Structuring Data

The developer I was pairing with today had an interesting question. We were working on a piece of code that reads a set of messages in increasing order of priority. This priority depends upon two variables. The date that the message was played last, the total number of times the message was ever played. Looking at this piece of code, the developer asked me the data structure that is used for implementation. My response was, “Err, list”.

Thinking back, the question is an interesting one for many reasons. One, we hardly come across any badass data structure programming when building enterprise applications (at least the kinds that I’m currently working on). So I thought to myself, hang on, whats the DS courses in colleges worth. I quickly understood that this was a stupid line of thought. As Stroustrup points out, “Craftsmen must understand their tools and not believe in magic”. Knowing fundamentals of data structures are important, that way one would have noticed that we were indeed able to use lists for message prioritisation  because we were already filtering out a huge number of messages at the database layer.  Had we not filtered out messages at the database layer, we would have had too much data to sort in memory, which would lead to all sorts of problems. The database in turn, uses B+ trees to make this process efficient.

On the other hand, Its my belief that the choice of data structure to use is not the first question that has to be asked when solving a problem. A data structure by definition is a construct that adds meaningful meta information to a data set so that the desired function could be written in terms of the meta data added by the data structure. For example, a binary search tree adds value by providing meta information which divides the current data set such that, a function to search a value will converge faster. Thus a data structure merely helps in faster convergence of a solution. Identifying the parameters that affect the outcome, and more importantly, isolating those that do not affect the result add much more value by helping us model the problem space.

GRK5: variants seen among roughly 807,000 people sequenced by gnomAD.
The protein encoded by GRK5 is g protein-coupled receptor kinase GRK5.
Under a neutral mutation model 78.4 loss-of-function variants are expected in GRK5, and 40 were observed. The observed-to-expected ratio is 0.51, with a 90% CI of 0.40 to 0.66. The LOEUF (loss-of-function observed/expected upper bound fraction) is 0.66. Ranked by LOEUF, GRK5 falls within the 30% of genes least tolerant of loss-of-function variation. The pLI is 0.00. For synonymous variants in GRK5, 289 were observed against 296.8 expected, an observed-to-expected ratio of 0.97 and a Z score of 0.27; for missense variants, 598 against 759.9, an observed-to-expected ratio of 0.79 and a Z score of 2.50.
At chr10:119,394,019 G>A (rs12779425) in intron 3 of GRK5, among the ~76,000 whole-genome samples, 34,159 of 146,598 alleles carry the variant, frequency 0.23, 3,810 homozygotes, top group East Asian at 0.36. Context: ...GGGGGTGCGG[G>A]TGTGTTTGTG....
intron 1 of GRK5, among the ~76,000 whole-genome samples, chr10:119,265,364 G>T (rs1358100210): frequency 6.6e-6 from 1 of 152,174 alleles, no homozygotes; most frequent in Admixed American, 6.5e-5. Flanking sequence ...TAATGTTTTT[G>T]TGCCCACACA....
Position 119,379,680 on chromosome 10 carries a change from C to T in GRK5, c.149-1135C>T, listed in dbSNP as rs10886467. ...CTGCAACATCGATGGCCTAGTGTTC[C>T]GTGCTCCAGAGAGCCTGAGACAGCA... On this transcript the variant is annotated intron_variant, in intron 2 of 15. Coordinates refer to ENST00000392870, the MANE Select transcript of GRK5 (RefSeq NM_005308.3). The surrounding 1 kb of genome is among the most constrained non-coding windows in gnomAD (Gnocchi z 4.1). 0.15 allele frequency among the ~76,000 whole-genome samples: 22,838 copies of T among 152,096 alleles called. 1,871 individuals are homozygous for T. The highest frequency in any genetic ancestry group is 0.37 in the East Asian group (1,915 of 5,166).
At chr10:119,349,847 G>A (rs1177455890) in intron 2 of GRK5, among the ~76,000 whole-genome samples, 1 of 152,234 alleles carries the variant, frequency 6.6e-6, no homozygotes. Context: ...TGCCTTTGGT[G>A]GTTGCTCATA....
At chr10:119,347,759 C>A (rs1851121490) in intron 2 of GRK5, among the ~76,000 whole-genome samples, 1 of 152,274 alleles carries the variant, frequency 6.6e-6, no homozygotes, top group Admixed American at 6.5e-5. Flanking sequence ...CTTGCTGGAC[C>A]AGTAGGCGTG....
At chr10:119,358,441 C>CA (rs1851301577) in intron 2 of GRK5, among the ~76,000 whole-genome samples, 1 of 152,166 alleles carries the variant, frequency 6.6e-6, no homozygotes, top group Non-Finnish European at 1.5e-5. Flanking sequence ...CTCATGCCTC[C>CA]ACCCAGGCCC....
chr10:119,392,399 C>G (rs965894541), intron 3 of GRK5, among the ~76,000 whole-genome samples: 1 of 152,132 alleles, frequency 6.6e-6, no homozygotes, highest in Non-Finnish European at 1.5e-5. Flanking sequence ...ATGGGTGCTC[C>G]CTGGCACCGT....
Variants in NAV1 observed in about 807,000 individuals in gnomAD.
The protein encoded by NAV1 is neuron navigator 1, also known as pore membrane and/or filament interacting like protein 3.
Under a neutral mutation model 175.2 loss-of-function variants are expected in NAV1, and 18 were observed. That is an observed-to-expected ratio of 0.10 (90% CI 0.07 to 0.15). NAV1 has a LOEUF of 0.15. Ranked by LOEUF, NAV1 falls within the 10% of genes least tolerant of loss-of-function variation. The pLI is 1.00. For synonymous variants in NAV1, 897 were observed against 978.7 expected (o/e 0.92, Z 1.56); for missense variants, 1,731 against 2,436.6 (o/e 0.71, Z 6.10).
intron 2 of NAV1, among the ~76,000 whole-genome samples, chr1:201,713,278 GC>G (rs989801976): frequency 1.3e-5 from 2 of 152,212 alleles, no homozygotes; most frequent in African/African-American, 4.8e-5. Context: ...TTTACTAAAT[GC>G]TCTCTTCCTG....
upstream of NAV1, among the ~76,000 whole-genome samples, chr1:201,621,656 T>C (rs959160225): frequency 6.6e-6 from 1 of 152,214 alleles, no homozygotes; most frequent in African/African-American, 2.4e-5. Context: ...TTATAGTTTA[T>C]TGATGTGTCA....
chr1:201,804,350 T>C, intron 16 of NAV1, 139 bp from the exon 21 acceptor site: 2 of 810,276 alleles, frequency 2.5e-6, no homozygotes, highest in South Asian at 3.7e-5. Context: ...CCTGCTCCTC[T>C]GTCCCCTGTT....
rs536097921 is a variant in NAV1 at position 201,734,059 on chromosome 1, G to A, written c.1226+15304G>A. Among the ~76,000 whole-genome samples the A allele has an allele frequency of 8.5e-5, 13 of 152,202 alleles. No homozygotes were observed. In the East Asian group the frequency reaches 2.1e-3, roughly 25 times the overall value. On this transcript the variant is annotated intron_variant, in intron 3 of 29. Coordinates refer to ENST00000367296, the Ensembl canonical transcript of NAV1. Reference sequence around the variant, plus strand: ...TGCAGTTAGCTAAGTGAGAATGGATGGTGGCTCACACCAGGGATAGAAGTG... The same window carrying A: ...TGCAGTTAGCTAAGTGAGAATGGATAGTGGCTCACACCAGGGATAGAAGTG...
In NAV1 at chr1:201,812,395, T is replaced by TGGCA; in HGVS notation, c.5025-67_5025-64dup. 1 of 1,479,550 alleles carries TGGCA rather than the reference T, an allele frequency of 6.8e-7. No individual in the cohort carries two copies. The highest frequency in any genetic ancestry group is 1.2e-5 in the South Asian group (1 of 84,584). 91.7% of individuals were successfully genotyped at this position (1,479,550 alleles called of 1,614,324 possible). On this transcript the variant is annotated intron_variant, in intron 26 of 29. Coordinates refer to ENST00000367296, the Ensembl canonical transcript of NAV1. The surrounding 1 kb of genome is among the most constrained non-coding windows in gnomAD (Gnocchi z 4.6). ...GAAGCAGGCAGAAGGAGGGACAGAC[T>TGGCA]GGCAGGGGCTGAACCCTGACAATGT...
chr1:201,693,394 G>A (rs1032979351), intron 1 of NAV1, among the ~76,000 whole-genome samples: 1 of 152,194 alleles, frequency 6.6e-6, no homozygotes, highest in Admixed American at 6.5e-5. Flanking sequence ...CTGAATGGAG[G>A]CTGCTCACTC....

In summary, data structures are considered to be divine answer to life, universe and everything, which they are not. A data structure, merely adds meta information to the solution space which helps us to solve the problem.

Quote for the day,

“The cause of fear is ignorance.” – Seneca.



  1. If one dint model the traveling salesman problem using graphs, and used plain old lists instead, would the salesman get anywhere at all, i wonder..

    • Yes. The graphs in this case provide the very essential meta information about the relationship between nodes, which will be very difficult to describe using lists. Though I wonder if there is any other meta information out there which will reduce the complexity of the problem

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